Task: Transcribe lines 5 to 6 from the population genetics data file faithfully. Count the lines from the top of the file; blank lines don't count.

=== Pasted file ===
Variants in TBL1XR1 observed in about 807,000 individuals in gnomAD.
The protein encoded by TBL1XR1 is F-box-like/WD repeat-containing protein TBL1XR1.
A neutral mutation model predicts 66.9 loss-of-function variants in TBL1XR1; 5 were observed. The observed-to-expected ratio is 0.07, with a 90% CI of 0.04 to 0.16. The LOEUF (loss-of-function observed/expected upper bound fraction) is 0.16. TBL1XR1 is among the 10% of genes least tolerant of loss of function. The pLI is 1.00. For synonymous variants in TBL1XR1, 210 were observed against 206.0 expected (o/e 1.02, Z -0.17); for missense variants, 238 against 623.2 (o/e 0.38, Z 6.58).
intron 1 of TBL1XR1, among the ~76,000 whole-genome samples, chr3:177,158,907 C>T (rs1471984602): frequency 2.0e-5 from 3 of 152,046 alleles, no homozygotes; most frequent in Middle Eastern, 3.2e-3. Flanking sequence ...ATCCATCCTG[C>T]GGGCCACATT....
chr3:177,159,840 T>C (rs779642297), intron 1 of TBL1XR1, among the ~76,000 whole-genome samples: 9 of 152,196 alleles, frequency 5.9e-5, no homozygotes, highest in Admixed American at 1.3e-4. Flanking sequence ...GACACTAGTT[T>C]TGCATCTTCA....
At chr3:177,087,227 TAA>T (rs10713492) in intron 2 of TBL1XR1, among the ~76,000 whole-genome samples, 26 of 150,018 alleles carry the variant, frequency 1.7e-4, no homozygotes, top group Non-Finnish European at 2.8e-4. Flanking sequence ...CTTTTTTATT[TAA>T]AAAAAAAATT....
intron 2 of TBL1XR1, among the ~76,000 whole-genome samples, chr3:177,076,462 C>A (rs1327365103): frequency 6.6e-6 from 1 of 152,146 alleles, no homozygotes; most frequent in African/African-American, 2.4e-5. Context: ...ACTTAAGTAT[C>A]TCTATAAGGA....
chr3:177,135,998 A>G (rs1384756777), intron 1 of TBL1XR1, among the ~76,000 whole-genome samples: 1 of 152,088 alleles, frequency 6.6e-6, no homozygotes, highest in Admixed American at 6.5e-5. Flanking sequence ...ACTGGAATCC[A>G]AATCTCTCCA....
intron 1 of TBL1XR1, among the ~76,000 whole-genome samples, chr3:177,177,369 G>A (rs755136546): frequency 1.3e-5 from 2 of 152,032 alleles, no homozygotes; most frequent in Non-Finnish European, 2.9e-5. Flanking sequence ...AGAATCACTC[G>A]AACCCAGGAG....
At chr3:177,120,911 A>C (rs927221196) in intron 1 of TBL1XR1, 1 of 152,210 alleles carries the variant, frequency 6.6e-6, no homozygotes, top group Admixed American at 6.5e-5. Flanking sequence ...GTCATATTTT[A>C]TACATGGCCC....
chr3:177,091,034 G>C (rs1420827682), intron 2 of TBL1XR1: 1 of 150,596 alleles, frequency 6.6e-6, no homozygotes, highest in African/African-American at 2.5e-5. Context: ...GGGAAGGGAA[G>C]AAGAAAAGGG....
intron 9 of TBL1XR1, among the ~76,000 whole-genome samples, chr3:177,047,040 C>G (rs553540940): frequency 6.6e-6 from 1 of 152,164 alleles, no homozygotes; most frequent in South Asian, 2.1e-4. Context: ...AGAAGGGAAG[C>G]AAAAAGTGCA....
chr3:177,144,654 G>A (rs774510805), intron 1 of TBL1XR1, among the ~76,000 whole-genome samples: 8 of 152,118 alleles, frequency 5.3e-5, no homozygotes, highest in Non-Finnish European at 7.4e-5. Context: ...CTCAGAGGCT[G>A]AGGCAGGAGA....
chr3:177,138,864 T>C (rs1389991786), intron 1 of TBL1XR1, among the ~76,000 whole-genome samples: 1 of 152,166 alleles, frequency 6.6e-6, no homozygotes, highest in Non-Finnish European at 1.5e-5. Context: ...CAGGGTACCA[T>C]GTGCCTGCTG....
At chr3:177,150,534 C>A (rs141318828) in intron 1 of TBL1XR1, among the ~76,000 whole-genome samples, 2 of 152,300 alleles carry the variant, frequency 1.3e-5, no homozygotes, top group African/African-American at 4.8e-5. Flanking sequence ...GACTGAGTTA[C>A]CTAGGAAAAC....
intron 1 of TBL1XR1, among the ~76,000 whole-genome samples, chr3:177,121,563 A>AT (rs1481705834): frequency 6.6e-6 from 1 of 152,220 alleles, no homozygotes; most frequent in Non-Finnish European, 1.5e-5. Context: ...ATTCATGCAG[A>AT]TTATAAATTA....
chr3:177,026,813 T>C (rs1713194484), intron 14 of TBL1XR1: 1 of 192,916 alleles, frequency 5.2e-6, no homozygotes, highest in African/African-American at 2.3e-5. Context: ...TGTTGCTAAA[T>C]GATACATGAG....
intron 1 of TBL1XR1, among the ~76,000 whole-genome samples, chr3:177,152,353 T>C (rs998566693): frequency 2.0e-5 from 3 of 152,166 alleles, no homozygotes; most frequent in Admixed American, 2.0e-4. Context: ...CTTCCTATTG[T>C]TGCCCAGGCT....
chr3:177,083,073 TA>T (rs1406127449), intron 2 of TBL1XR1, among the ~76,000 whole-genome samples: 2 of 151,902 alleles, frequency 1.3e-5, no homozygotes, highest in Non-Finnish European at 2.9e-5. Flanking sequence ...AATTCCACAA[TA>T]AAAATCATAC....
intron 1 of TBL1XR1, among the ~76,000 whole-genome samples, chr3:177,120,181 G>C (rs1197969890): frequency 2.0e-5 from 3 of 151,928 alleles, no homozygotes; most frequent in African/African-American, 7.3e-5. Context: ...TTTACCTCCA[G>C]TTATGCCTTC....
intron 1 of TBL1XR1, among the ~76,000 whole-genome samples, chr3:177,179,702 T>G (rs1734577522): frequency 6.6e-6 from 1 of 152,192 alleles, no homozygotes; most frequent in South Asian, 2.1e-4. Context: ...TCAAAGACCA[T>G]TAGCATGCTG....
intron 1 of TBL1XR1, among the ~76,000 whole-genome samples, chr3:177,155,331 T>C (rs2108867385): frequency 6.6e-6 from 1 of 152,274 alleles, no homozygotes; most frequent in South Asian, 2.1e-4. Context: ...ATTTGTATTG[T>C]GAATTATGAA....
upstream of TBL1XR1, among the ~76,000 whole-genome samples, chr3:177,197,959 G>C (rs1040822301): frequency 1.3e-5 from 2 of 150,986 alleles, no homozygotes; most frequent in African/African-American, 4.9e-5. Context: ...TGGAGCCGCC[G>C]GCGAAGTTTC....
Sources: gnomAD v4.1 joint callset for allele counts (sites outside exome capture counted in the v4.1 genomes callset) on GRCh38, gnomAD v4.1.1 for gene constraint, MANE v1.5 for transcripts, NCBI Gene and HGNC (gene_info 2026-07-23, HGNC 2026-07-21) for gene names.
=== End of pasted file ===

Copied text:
chr3:177,159,840 T>C (rs779642297), intron 1 of TBL1XR1, among the ~76,000 whole-genome samples: 9 of 152,196 alleles, frequency 5.9e-5, no homozygotes, highest in Admixed American at 1.3e-4. Flanking sequence ...GACACTAGTT[T>C]TGCATCTTCA....
At chr3:177,087,227 TAA>T (rs10713492) in intron 2 of TBL1XR1, among the ~76,000 whole-genome samples, 26 of 150,018 alleles carry the variant, frequency 1.7e-4, no homozygotes, top group Non-Finnish European at 2.8e-4. Flanking sequence ...CTTTTTTATT[TAA>T]AAAAAAAATT....